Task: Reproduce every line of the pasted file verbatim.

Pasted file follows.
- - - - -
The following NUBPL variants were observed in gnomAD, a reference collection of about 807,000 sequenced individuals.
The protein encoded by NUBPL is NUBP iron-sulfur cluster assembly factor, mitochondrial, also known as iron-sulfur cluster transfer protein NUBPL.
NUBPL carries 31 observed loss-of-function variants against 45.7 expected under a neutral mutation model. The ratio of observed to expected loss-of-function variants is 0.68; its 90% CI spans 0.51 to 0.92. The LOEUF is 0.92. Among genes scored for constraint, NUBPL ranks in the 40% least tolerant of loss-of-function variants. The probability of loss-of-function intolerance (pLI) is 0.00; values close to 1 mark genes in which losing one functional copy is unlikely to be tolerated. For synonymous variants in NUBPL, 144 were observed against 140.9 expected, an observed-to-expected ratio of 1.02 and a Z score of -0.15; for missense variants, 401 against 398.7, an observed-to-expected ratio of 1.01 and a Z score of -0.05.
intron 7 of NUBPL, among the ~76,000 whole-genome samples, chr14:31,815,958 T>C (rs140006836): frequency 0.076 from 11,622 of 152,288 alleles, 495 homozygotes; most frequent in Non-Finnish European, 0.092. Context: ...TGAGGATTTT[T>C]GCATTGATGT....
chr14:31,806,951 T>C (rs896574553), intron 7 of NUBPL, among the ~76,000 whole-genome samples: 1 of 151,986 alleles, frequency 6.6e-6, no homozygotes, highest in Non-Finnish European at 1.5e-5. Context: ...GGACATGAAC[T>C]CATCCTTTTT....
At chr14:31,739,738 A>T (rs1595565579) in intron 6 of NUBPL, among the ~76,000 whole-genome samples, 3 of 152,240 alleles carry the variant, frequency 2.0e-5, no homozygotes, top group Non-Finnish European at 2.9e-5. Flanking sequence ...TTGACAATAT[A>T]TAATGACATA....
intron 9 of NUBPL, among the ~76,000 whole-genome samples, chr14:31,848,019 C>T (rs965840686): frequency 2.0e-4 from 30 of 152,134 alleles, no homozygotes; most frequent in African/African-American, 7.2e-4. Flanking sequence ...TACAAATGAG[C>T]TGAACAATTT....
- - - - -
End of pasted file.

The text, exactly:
The following NUBPL variants were observed in gnomAD, a reference collection of about 807,000 sequenced individuals.
The protein encoded by NUBPL is NUBP iron-sulfur cluster assembly factor, mitochondrial, also known as iron-sulfur cluster transfer protein NUBPL.
NUBPL carries 31 observed loss-of-function variants against 45.7 expected under a neutral mutation model. The ratio of observed to expected loss-of-function variants is 0.68; its 90% CI spans 0.51 to 0.92. The LOEUF is 0.92. Among genes scored for constraint, NUBPL ranks in the 40% least tolerant of loss-of-function variants. The probability of loss-of-function intolerance (pLI) is 0.00; values close to 1 mark genes in which losing one functional copy is unlikely to be tolerated. For synonymous variants in NUBPL, 144 were observed against 140.9 expected, an observed-to-expected ratio of 1.02 and a Z score of -0.15; for missense variants, 401 against 398.7, an observed-to-expected ratio of 1.01 and a Z score of -0.05.
intron 7 of NUBPL, among the ~76,000 whole-genome samples, chr14:31,815,958 T>C (rs140006836): frequency 0.076 from 11,622 of 152,288 alleles, 495 homozygotes; most frequent in Non-Finnish European, 0.092. Context: ...TGAGGATTTT[T>C]GCATTGATGT....
chr14:31,806,951 T>C (rs896574553), intron 7 of NUBPL, among the ~76,000 whole-genome samples: 1 of 151,986 alleles, frequency 6.6e-6, no homozygotes, highest in Non-Finnish European at 1.5e-5. Context: ...GGACATGAAC[T>C]CATCCTTTTT....
At chr14:31,739,738 A>T (rs1595565579) in intron 6 of NUBPL, among the ~76,000 whole-genome samples, 3 of 152,240 alleles carry the variant, frequency 2.0e-5, no homozygotes, top group Non-Finnish European at 2.9e-5. Flanking sequence ...TTGACAATAT[A>T]TAATGACATA....
intron 9 of NUBPL, among the ~76,000 whole-genome samples, chr14:31,848,019 C>T (rs965840686): frequency 2.0e-4 from 30 of 152,134 alleles, no homozygotes; most frequent in African/African-American, 7.2e-4. Flanking sequence ...TACAAATGAG[C>T]TGAACAATTT....